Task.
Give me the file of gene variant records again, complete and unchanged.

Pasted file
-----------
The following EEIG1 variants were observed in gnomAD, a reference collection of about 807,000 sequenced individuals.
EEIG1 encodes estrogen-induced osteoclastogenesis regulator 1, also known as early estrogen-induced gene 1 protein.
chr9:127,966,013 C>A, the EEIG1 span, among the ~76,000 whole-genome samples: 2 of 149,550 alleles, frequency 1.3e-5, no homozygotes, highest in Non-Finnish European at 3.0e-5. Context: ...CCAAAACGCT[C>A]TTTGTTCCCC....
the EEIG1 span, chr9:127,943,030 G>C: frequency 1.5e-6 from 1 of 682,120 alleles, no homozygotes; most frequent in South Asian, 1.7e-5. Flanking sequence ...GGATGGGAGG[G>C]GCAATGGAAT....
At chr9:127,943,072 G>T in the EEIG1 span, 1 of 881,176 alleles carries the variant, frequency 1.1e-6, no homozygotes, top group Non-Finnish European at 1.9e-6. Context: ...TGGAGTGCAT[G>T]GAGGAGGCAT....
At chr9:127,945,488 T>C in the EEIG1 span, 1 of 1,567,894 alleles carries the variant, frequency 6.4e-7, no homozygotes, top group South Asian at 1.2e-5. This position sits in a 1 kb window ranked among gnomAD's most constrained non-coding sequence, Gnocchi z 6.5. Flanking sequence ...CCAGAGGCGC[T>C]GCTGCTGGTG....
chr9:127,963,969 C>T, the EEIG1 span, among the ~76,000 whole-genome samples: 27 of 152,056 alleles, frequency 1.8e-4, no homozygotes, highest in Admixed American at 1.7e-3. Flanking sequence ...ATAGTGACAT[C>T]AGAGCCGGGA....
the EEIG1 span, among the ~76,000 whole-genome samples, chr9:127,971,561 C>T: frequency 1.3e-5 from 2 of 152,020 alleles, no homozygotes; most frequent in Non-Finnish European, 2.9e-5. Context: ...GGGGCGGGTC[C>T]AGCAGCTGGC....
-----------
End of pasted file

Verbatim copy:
The following EEIG1 variants were observed in gnomAD, a reference collection of about 807,000 sequenced individuals.
EEIG1 encodes estrogen-induced osteoclastogenesis regulator 1, also known as early estrogen-induced gene 1 protein.
chr9:127,966,013 C>A, the EEIG1 span, among the ~76,000 whole-genome samples: 2 of 149,550 alleles, frequency 1.3e-5, no homozygotes, highest in Non-Finnish European at 3.0e-5. Context: ...CCAAAACGCT[C>A]TTTGTTCCCC....
the EEIG1 span, chr9:127,943,030 G>C: frequency 1.5e-6 from 1 of 682,120 alleles, no homozygotes; most frequent in South Asian, 1.7e-5. Flanking sequence ...GGATGGGAGG[G>C]GCAATGGAAT....
At chr9:127,943,072 G>T in the EEIG1 span, 1 of 881,176 alleles carries the variant, frequency 1.1e-6, no homozygotes, top group Non-Finnish European at 1.9e-6. Context: ...TGGAGTGCAT[G>T]GAGGAGGCAT....
At chr9:127,945,488 T>C in the EEIG1 span, 1 of 1,567,894 alleles carries the variant, frequency 6.4e-7, no homozygotes, top group South Asian at 1.2e-5. This position sits in a 1 kb window ranked among gnomAD's most constrained non-coding sequence, Gnocchi z 6.5. Flanking sequence ...CCAGAGGCGC[T>C]GCTGCTGGTG....
chr9:127,963,969 C>T, the EEIG1 span, among the ~76,000 whole-genome samples: 27 of 152,056 alleles, frequency 1.8e-4, no homozygotes, highest in Admixed American at 1.7e-3. Flanking sequence ...ATAGTGACAT[C>T]AGAGCCGGGA....
the EEIG1 span, among the ~76,000 whole-genome samples, chr9:127,971,561 C>T: frequency 1.3e-5 from 2 of 152,020 alleles, no homozygotes; most frequent in Non-Finnish European, 2.9e-5. Context: ...GGGGCGGGTC[C>T]AGCAGCTGGC....